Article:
Jørgen Tvedt Jørgen Tvedt - 2 months ago 27
TypeScript Question

Typescript 2 - throw'ing in ternary/conditional operator expression

I try to compile:

const value = "20"
const x : string | never = "10" === value ? throw Error("bad things") : "hello"

... and get an error on
expression expected
. I can resolve this using an inline method invoked in place, but that does not look nice. (
(() => {throw Error("bad things"})()

Why is not OK to throw in a branch of the ternary operator? Or is there another syntax that works, perhaps compile options I'm missing?

Throw does not seem to work without curly brackets in the function body either, in the work-around, (
(() => throw Error("bad things")()


This is how many languages are constructed, you have statements and expressions. In this case you are assigning x a value, but throwing an error is not a value/expression, it's a statement/operation.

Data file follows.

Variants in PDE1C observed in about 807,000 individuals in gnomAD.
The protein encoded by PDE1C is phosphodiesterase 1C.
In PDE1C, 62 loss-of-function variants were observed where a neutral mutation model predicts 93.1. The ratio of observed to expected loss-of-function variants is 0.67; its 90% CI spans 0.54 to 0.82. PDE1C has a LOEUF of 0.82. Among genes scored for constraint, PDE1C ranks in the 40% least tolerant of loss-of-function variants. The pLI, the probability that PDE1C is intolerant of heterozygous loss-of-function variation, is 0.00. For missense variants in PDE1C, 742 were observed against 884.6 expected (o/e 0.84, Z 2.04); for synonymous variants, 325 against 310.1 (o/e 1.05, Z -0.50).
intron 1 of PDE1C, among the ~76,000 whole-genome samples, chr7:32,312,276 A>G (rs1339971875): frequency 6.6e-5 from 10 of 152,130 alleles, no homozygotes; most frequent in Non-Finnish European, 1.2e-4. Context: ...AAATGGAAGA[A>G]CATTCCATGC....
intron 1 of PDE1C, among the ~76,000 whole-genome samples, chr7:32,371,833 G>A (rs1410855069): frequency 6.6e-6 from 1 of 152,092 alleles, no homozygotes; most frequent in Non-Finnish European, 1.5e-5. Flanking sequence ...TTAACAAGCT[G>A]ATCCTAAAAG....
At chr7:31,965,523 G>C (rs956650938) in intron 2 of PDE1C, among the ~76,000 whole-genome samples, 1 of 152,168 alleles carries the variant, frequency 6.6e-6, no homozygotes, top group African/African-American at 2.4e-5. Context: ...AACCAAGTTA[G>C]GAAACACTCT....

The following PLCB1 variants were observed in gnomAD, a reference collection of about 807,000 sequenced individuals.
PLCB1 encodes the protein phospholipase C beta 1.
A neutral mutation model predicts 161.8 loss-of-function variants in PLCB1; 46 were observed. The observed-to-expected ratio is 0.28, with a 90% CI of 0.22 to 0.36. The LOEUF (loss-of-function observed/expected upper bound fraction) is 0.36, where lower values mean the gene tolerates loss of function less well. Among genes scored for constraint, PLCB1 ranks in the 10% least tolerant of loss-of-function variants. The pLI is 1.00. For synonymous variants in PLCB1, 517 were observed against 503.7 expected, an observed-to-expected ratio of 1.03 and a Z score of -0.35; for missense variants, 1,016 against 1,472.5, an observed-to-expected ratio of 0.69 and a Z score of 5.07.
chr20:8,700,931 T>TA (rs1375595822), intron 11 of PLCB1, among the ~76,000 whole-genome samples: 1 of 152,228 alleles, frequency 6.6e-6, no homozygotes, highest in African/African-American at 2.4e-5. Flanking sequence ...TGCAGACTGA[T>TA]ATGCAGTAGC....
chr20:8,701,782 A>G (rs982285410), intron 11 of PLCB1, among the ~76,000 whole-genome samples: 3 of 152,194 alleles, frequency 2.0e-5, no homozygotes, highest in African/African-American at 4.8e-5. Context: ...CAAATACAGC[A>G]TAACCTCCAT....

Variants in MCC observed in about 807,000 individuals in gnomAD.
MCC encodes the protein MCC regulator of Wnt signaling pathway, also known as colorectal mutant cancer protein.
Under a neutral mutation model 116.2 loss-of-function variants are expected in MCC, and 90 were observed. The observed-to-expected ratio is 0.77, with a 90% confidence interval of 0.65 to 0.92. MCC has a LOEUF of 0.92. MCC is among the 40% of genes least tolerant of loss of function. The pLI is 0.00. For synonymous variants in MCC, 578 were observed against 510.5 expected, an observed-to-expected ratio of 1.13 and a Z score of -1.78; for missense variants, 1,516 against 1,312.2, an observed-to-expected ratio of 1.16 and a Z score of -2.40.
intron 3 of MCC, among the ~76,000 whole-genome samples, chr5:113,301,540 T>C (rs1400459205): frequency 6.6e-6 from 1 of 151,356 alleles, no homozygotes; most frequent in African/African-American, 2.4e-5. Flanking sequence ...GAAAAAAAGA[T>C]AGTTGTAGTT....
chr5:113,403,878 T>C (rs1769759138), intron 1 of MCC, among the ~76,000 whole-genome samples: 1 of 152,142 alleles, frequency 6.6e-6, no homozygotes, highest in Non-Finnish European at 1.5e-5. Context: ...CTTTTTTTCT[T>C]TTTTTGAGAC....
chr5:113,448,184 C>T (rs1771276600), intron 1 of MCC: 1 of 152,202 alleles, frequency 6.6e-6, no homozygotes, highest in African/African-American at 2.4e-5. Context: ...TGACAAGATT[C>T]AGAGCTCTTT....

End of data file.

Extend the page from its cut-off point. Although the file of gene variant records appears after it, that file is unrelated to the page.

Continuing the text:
You can't do this for just the same reason why you cant write something like:

const x : string | never = "10" === value ? for(var i in myArray) { /* do stuff */ } : "hello".

It's simply against the rules of the language, even if you can "hack" around it using a self evaluation function, which theoretically evaluates and is an expression.

Check out this question for a better explanation of statements and expressions.

The never-keyword in TS is an odd type connected to their control flow analysis. It does not allow you to suddently treat statements as expressions, so if you don't want your immediately invoked function expression, you could just use a regular function:

const value = "20"
var thrower = () => { throw Error("bad things"); }
const x: string | never = "10" === value ? thrower() : "hello";

If this really is what you want to do. This would be much more readable:


if(value !== "10")
    throw Error("bad things");

const x: string = "hello";